In one of the places I used to work I would bring in a netbook and EMAIL (no USB allowed) the files between the two so I could cross-browser check my work. That is shear madness!
our users don't have rights to install anything.
we insist on ie simply for centralised and managed patch management. don't give a hoot what the users think, we need to be able to apply patches across the board quickly and reliably. hence we stipulate (and force) ie.
we use wsus to standardise on ie7 - contemplating the ie8 rollout, we've been using it in IT since its release and has caused no issues with our internal web apps or anything else. so guess will be rolling that out soon.
if mozilla release some sort of centralised updating mechanism that corporates can use to reliably and quickly update all firefox installations across our wan, then we might take it a bit more seriouly as a corporate tool.
personal opinions and preferences aside, my employer employs me to keep things as secure and manageable as possible.. rightly or wrongly, at the moment, that is ie simply due to manageability (gpo\ieak) and patch management (wsus).
Oh boo-frickety-hoo, a company with whom you have no corporate interest uses an application that isn't your preferred internet browser.
Do any of the "OMG Orange sucks, IE6 sucks, use FireFox!" fanboys have any experience in corporate IT? I don't mean fixing your mate's computer when he got a trojan off some pr0n torrent, I mean actual IT.
In my experience FireFox is no better than IE6 for stability, but is worse for compatibility because of the whole crusade for being standards-compliant rather than "actual real-life Internet"-compliant.
Yep, I work for a large Scottish branded bank in the UK which is now mostly publicly owned.
IE6 is still on all of the desktops here, and recent requests to the architecture committee to allow Firefox on the desktop stating all the obvious and sensible reasons was declined. Nice one guys.
IE6 here too.
We only just got XP a few months ago, and it is locked down to the garish Luna theme.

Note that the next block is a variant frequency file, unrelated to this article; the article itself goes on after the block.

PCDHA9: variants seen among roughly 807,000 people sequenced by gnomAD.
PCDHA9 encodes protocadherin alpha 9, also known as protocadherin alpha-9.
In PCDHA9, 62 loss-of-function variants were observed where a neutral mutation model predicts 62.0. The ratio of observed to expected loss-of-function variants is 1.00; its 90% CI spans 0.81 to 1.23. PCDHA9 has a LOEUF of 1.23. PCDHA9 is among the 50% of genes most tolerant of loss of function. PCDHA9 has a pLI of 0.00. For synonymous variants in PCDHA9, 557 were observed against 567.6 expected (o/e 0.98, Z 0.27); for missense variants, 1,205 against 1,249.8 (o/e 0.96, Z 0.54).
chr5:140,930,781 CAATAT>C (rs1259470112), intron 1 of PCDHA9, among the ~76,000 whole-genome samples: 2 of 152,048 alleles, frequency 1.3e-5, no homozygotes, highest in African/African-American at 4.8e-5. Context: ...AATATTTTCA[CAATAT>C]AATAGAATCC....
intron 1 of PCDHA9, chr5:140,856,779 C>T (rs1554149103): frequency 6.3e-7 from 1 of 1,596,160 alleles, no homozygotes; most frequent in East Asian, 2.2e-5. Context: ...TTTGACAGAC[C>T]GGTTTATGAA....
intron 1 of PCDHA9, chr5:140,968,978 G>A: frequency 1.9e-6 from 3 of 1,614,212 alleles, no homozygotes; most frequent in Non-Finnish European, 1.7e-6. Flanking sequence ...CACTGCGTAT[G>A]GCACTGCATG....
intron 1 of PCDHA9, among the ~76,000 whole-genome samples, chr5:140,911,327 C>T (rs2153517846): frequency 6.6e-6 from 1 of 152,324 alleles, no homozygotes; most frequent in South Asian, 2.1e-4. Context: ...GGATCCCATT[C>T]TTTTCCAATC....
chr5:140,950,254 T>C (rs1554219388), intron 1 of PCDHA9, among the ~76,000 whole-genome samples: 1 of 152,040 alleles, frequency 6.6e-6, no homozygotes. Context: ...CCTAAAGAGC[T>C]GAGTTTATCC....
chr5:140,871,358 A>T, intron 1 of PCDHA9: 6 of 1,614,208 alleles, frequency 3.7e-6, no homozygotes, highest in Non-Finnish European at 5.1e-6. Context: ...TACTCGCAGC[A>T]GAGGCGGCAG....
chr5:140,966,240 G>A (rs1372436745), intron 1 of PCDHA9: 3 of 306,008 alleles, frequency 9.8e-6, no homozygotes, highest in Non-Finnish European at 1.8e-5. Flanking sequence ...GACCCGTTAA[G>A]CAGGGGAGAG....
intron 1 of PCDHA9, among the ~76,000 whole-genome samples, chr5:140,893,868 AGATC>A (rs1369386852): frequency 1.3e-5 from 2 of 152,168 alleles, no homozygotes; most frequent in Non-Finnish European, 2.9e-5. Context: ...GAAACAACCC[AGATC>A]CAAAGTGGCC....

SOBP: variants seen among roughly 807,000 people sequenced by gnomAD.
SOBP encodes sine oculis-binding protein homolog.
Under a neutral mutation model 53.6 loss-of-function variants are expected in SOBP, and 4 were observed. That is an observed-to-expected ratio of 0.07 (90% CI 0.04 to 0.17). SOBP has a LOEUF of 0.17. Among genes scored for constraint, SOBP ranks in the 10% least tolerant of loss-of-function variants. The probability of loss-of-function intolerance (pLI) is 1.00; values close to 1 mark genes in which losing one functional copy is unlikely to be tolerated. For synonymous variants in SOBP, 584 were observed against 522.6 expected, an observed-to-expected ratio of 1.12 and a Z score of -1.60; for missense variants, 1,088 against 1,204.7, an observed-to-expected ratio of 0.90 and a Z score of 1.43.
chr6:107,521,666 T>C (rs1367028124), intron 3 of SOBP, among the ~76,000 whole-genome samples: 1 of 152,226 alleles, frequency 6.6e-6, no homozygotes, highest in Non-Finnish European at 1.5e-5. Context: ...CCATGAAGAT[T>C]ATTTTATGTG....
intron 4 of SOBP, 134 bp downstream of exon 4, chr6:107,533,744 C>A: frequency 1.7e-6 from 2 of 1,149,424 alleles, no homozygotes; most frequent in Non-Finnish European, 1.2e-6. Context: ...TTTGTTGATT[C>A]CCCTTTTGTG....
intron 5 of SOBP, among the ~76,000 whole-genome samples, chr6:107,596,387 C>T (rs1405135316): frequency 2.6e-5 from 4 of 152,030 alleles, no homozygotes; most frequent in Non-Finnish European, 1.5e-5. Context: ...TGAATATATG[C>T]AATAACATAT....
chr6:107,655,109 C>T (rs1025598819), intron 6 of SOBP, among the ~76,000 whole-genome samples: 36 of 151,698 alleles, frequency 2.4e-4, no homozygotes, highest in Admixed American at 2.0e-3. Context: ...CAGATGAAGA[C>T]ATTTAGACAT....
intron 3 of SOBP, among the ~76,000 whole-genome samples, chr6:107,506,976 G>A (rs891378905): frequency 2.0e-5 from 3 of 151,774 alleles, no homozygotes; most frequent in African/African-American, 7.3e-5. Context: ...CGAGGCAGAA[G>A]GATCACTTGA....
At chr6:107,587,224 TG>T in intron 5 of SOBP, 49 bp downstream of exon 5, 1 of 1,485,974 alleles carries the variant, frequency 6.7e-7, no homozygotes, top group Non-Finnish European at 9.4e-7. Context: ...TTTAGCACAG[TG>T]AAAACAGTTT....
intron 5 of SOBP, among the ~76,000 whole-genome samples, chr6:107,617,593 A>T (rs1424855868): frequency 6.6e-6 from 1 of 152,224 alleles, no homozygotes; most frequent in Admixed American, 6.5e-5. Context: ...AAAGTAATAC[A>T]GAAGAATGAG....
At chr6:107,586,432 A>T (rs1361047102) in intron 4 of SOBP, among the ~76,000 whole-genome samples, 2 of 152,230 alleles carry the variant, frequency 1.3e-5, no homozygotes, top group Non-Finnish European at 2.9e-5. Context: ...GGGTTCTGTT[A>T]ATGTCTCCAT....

I'd have thought that such a task as updating the OS on 500+ PC's would mean that a simple browser upgrade rolled in would be a doddle.
I have 16 windows open at the moment, the majority different browser windows and it's a right pain in the arse. Gimme tabs!
A pint because it's the only tab I'll be opening today.
Whilst I commend Orange for employing people with learning difficulties, I'm still trying to get them to restore access to my email which they broke when 'upgrading' my mobile account at the beginning of May.
Could we fix the important stuff first, please?
Both Firefox AND IE are security nightmare, with more holes than swiss cheese.
The difference is, it's easier to ensure any holes are patched in IE quickly (via SUS or WU), firefox you have to rely on the users to do it, as there is no central management.
As a former IT security and current Business continuity bloke.
They sound like they have no kind of forward planning. The IT dept would have insisted the brower and web apps followed international standards anyway to ensure future compatiblity.
Their DR and Business continuity staff should be sacked as this is a fundamental flaw in their plans. Recovery at a third party external site. Compatibility issues should be one of the reasons to upgrade.
Their IT security dept should be ashamed as they are responsible for a secure method of browsing and IE 6 just isn't. Regardless of who you favour, IE 6 is riddled full of flaws and coding errors.
And having the ability to download software is a no no in a call centre environment.
Then again I used to work in an insurance company with a manager who was running the IT dept's olympic themed team events and had to ask where canada was. (Amongst other things)
And I now work for the NHS who allow all their staff full admin rights to their local machines.
Orange are not alone and there is no accounting for the stupid morons that somehow manage to get to senior management and IT director roles.
Anon because my boss might read this. :)
Re: Corporate Ignorance
>>Do any of the "OMG Orange sucks, IE6 sucks, use FireFox!" fanboys have any experience in corporate IT? I don't mean fixing your mate's computer when he got a trojan off some pr0n torrent, I mean actual IT.